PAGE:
Tilapia in farm ponds

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greybeard
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Tilapia in farm ponds

Postby greybeard » Tue Oct 30, 2018 5:31 pm

I don't know from where, but at some point I got the belief, that:
1. You could only put tilapia in a Texas farm pond if they were sterile.
2. You couldn't put them in a Texas farm pond that had any close connection to state or other public waters. He said there was no problem stocking tilapia in a farm pond in Tx.
Am I wrong about this?

Was talking to my sister's son in law, and he has them in his little pond and they are reproducing like he77, and grew quick.
He crappie fishes Lake Houston (20 miles down river from me) and says he catches them all the time there.

Is there a down side to stocking them?
(The river gets up every year and becomes part of my ponds (vice versa) so that part of it makes stocking them a non starter if [2] is true.
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Re: Tilapia in farm ponds

Postby TexasBred » Tue Oct 30, 2018 6:26 pm

Those rules apply to "Grass Carp" (Don't know they official name for them). Also have to obtain a permit from the state to purchase them.
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Re: Tilapia in farm ponds

Postby greybeard » Tue Oct 30, 2018 6:43 pm

That's probably what it is...Asian grass carp I think they're called. Dunno why I thought the same applied to tilapia. I need to look in to it more.there seems to be conflicting rules on it., maybe more than one species of tilapia?

In Texas, stocking of Mozambique tilapia does not require a permit from the Texas Parks and Wildlife Department. Blue or Nile tilapia require an exotic species permit, and are not to be used for recreational pond stocking. Other species of tilapia are not permitted in Texas. Check with a County Extension Agent in other states for legality of stocking tilapia.


https://fisheries.tamu.edu/aquatic-vege ... p-tilapia/


Does that mean Mozambique tilapia are OK?
:???: :?:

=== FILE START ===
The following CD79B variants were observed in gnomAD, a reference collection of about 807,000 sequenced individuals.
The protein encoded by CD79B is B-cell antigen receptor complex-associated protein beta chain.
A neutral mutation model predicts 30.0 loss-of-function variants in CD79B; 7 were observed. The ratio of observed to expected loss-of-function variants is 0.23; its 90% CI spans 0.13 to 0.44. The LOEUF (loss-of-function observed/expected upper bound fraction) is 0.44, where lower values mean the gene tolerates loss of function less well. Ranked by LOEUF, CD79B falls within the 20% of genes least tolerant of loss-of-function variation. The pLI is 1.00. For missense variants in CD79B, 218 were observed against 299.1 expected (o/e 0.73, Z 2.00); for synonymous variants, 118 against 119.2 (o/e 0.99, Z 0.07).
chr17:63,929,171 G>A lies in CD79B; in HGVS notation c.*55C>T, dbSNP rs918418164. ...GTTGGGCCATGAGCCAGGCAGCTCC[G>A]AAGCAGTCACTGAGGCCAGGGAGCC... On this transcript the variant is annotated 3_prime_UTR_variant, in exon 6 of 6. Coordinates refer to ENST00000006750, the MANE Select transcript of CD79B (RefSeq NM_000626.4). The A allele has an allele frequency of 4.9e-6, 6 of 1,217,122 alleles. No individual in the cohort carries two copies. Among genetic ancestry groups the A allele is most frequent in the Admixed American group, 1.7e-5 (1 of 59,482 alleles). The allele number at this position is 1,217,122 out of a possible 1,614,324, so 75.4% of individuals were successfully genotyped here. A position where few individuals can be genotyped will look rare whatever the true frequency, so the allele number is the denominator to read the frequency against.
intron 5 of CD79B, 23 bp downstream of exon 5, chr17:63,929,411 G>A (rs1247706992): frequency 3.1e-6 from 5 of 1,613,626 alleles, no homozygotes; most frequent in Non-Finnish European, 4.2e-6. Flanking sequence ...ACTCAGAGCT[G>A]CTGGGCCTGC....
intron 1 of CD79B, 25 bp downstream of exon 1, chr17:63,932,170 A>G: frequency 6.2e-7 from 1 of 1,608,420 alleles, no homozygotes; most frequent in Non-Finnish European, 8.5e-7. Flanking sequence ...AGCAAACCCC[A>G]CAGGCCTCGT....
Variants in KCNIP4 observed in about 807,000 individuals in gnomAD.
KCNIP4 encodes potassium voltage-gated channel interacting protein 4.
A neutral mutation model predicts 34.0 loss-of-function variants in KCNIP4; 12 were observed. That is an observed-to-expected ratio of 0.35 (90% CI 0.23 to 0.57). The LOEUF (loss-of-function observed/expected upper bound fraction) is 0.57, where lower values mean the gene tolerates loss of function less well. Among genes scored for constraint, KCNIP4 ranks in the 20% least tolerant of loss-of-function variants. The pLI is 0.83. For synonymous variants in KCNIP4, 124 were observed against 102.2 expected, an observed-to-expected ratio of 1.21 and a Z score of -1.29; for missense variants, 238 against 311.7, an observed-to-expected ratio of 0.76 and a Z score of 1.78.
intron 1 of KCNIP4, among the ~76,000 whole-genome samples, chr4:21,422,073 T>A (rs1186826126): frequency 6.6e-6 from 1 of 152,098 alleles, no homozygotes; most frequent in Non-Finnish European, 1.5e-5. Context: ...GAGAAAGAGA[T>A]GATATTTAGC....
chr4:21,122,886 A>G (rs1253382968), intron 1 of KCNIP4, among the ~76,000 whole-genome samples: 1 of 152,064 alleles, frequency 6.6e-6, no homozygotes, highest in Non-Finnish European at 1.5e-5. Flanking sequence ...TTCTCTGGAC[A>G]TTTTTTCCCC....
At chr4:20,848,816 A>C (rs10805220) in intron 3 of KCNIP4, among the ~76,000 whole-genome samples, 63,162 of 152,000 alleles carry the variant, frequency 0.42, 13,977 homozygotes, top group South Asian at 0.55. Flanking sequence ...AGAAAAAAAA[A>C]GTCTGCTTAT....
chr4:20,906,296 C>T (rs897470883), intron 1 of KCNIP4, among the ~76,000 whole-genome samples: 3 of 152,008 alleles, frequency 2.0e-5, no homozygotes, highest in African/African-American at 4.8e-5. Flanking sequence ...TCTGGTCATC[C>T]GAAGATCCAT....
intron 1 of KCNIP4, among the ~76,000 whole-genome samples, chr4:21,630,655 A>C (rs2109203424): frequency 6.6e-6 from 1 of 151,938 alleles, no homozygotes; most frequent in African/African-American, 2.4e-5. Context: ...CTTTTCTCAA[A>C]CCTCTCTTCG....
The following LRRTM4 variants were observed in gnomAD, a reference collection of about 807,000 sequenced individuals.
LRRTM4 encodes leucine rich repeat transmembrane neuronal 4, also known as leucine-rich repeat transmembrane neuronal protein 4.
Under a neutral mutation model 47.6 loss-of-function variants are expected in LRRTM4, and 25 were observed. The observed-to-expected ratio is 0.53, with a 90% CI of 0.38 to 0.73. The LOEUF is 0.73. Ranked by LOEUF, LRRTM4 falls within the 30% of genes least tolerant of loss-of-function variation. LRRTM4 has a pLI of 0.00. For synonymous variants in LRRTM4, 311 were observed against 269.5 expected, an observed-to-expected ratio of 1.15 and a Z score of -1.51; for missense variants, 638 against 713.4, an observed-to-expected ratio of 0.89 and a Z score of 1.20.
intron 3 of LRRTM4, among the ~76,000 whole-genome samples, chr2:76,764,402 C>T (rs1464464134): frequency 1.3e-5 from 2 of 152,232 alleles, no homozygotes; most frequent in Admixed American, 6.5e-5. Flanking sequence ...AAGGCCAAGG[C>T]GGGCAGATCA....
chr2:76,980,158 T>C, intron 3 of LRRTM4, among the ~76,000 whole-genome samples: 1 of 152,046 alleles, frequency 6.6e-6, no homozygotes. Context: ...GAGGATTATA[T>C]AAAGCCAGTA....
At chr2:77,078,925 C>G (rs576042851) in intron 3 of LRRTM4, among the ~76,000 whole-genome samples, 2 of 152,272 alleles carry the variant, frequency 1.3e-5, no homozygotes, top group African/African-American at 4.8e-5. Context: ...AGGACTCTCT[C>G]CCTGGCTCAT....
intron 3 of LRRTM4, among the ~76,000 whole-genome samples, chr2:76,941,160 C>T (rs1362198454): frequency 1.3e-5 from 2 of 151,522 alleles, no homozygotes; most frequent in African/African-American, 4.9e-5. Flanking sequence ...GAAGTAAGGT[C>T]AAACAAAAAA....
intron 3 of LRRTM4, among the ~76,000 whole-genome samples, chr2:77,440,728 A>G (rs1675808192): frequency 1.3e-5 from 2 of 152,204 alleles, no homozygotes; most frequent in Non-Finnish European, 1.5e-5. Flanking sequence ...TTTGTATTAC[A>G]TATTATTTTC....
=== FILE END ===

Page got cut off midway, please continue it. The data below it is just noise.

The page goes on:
https://www.nbcdfw.com/news/local/Texas ... 09391.html
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Re: Tilapia in farm ponds

Postby callmefence » Tue Oct 30, 2018 7:12 pm

greybeard wrote:That's probably what it is...Asian grass carp I think they're called. Dunno why I thought the same applied to tilapia. I need to look in to it more.there seems to be conflicting rules on it., maybe more than one species of tilapia?

In Texas, stocking of Mozambique tilapia does not require a permit from the Texas Parks and Wildlife Department. Blue or Nile tilapia require an exotic species permit, and are not to be used for recreational pond stocking. Other species of tilapia are not permitted in Texas. Check with a County Extension Agent in other states for legality of stocking tilapia.


https://fisheries.tamu.edu/aquatic-vege ... p-tilapia/


Does that mean Mozambique tilapia are OK?
:???: :?:

https://www.nbcdfw.com/news/local/Texas ... 09391.html


I believe the reason the Mozambique tilapia are allowed is lack of cold tollerance. They will winter kill most years making them controllable. You stock them in spring harvest in the fall.
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Re: Tilapia in farm ponds

Postby Farm Fence Solutions » Tue Oct 30, 2018 8:40 pm

https://en.wikipedia.org/wiki/Asian_carp

The Silvers and Bigheads are the real nasty critters. Pretty well ruined the river here.
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Re: Tilapia in farm ponds

Postby bird dog » Tue Oct 30, 2018 10:27 pm

There are so many Talapia in Squaw Creek where the water stays warm from the Nuclear power plant, that they are a nuisance. If you catch one and don't want to eat it, you are suppose to gut it and throw it up on the bank. They spawn pretty much year round. Their young keep the largemouth bass fat and sassy.

They can't allow the lake to get overfilled so when it starts getting above level, the gates open up and dump into the Brazos river. I'm sure some Tilapia go through the gates but Lake Whitney is downstream and I have never caught one there or heard of one being caught and I have fished the lake for 25 years.
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Re: Tilapia in farm ponds

Postby greybeard » Wed Oct 31, 2018 2:36 pm

Their young keep the largemouth bass fat and sassy.

That's really why I would even consider stocking them. I have lots of grass and lots of bass, and I want the bass fed more.
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Re: Tilapia in farm ponds

Postby sstterry » Fri Nov 02, 2018 4:50 pm